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What it is like being homeless in a pandemic

'All the negativity around us being homeless; it hurts'
20200414 homeless man Ron
Ron, a 34-year-old North Bay man, is one of the homeless staying at the shelter at Pete Palangio arena. Photo submitted.

His name is Ron. He's 34 years old and he's homeless.  

Ron is one of a number of homeless people who are now calling Pete Palangio arena home.  The rink was set up as a 24-hour low barrier emergency centre back in mid-April due to COVID-19. 

He moved back to North Bay last June at the request of his mother. However, his plan to move in with some friends fell through when they were evicted from their apartment. 

"So that's how I started living outside," he said. 

See related: Stickhandling through the challenges of operating a hockey rink turned homeless shelter

Ron says he been homeless, off and on since he was 16 years old.  

He believes the new facility at Pete Palangio arena has been a great help.  

"For a lot of people who do not have basic survival skills like building a shelter in the woods or anything, it is ideal for them and me," he said.  

"It is nice to have a place to turn to when you have no other place to go. It is very well managed and the staff is great. They try and help you out as much as they can.

"The thing here is you have good meals, showers, which is fricking great. A lot of other places when they had them open had no showers and you just slept there. Having a shower facility and get clean clothes and have a bed to sleep in when it is really cold outside is great, it is really helpful." 

Bryan Eade is an outreach worker at the new Pete Palangio facility and works for Nipissing Mental Health Housing & Support Services. 

He says many people don't understand some of the good that is happening inside these doors.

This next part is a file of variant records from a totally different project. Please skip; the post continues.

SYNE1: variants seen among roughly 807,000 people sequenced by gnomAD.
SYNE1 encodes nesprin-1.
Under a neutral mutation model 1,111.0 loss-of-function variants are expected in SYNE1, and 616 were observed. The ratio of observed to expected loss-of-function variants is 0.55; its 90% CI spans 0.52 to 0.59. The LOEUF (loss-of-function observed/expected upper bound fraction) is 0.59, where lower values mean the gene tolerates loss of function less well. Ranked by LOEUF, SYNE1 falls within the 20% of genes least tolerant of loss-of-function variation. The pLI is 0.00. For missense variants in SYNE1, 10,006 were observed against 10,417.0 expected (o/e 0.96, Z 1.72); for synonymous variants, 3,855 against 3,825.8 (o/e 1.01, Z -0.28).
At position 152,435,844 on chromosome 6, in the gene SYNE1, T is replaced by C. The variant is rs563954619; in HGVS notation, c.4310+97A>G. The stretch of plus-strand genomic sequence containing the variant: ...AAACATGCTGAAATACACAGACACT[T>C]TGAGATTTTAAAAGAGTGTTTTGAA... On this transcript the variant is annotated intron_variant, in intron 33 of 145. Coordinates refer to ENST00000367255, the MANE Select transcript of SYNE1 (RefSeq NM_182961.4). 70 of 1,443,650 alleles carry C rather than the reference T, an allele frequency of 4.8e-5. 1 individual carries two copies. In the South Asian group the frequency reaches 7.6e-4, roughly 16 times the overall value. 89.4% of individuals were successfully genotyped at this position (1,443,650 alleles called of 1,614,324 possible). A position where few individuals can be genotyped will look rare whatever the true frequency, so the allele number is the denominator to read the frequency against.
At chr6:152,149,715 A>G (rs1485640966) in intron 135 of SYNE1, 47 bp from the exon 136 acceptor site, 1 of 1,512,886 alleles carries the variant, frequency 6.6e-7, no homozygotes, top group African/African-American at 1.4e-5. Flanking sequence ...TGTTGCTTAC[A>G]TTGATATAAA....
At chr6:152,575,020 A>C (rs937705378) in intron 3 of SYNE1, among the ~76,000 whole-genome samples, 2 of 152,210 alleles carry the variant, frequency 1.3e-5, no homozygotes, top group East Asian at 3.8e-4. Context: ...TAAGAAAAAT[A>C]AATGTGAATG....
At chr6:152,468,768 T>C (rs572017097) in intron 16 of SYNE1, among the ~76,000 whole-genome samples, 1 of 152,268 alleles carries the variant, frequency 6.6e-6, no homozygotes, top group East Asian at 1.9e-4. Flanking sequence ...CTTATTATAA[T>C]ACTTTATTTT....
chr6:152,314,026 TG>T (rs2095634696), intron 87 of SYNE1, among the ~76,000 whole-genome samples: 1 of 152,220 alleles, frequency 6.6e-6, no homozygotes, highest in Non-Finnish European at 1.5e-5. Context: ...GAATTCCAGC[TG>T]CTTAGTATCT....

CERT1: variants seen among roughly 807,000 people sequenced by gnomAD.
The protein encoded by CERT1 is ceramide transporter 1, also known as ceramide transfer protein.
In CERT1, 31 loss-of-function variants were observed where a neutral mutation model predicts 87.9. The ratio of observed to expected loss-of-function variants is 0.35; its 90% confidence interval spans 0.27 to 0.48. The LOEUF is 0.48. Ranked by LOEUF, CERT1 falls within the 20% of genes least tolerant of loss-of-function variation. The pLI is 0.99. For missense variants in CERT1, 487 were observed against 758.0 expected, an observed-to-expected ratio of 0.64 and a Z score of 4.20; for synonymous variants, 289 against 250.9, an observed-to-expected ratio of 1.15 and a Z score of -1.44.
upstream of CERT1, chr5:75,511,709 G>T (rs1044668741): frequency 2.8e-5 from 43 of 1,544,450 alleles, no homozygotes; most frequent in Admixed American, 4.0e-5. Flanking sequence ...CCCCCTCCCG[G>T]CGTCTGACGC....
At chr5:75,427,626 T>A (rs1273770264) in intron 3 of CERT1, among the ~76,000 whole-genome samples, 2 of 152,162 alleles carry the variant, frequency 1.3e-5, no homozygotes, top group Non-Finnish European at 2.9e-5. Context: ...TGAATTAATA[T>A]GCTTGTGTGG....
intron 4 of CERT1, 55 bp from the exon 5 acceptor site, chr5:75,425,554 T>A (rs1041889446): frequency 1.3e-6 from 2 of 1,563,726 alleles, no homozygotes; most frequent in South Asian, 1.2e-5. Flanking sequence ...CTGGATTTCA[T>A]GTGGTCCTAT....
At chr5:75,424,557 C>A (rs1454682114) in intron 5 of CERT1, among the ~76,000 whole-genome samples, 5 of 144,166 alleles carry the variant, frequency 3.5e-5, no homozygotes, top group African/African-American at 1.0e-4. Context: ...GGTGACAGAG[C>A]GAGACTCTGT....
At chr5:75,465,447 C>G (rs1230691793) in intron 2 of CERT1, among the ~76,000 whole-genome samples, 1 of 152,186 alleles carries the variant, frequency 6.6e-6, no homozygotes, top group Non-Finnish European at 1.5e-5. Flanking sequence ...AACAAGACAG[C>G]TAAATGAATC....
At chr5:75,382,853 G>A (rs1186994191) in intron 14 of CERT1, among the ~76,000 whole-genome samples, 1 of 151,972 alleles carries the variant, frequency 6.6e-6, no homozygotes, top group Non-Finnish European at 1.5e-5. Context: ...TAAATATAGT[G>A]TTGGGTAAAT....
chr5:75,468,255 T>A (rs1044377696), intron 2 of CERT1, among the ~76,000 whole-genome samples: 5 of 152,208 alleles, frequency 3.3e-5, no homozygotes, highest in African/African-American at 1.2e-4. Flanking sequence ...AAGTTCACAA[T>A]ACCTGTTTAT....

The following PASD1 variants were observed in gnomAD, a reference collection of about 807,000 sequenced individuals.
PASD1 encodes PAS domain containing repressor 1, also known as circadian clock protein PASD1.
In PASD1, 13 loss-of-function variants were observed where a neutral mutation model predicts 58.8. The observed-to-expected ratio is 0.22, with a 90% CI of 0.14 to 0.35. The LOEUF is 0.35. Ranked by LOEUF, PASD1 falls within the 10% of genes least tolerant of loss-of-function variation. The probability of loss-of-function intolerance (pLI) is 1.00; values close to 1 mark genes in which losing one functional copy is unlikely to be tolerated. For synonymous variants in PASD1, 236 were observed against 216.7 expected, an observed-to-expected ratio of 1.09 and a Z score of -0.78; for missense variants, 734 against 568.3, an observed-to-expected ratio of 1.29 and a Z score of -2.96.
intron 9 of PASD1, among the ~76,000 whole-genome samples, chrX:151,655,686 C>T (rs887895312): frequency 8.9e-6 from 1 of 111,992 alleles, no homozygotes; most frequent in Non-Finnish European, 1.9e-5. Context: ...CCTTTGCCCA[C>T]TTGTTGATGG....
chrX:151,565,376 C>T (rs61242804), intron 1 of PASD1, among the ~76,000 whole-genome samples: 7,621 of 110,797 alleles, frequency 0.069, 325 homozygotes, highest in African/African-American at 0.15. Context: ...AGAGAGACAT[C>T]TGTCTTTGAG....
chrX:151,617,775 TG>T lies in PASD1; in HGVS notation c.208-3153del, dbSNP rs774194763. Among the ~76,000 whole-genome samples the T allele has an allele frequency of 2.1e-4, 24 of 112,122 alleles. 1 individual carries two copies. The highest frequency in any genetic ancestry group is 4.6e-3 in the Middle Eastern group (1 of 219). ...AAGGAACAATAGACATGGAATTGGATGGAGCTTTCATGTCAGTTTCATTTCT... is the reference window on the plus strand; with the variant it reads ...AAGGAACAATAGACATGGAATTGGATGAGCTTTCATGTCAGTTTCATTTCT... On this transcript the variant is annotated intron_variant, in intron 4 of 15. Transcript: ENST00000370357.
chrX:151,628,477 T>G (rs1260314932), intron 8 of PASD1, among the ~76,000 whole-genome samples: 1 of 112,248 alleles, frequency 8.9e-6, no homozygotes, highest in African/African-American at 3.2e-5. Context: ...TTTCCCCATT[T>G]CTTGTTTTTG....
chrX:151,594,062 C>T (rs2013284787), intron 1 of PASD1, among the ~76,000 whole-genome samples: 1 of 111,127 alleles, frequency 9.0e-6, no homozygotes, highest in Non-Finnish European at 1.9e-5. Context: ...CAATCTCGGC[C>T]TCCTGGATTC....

"There is a lot of good growth here and some good connections have been created for these folks and provide a place for these people to feel safe," said Eade about the connections to medical and social services available at the shelter.  

"It is a struggling time for a lot of individuals out there regardless if they have any issues with homelessness or mental health or addictions or anything like that."

Kyla Venturini is a Team Lead at the facility. She says clients are screened as many as three times a day for temperature checks.  One pad is where the majority of cots are set up, while the other rink is being used for those who have COVID-19 symptoms.  

"Once they are here and staying they are actually well supported," said Venturini. 

"So we are doing what we can to screen and reduce any onset risk of COVID and making sure that everybody is healthy and well as well as connecting them to supports such as finding housing or anything else they basically need."

Ron, who has struggled with mental health and addiction issues in his past, says the staff make them feel like equals. However, he says that is not the case outside of Pete Palangio Arena. He says it's a struggle because of the stigma behind being homeless. 

"Who wants to hire a homeless guy, it makes it really hard sometimes," Ron said. 

"All the negativity around us being homeless; it hurts. When you hear some of the things people say, it really bothers you at times." 

On top of that, he has heard the bad reputation that the homeless people are getting around the Pete Palangio neighbourhood. 

"We are not all bad people," Ron said. 

"Sometimes people have things that go wrong in life and they can't control it.  Yeah sure some of us have addictions, some of us have problems, but not all of us are complete assholes."

But Ron realizes at the end of June, this facility could be closed or transformed back into an ice arena. Ron is not sure what he will do then. 

"I am still trying to find an apartment myself and look to split the rent with a friend or two," he said.  

"If that does not work out, my backup plan is building a shelter and keep living in a shelter." 

Eade says the shelter has allowed them to have the homeless population in one centralized location where, hopefully, they can find help. 

"You never know what is going to come out of these bad situations but hopefully people will continue to be more aware and understand that this is a problem in North Bay and we have to do something about it more long-term so the silver lining is probably there somewhere," said Eade.   

Chris Dawson

About the Author: Chris Dawson

Chris Dawson has been with since 2004. He has provided up-to-the-minute sports coverage and has become a key member of the BayToday news team.
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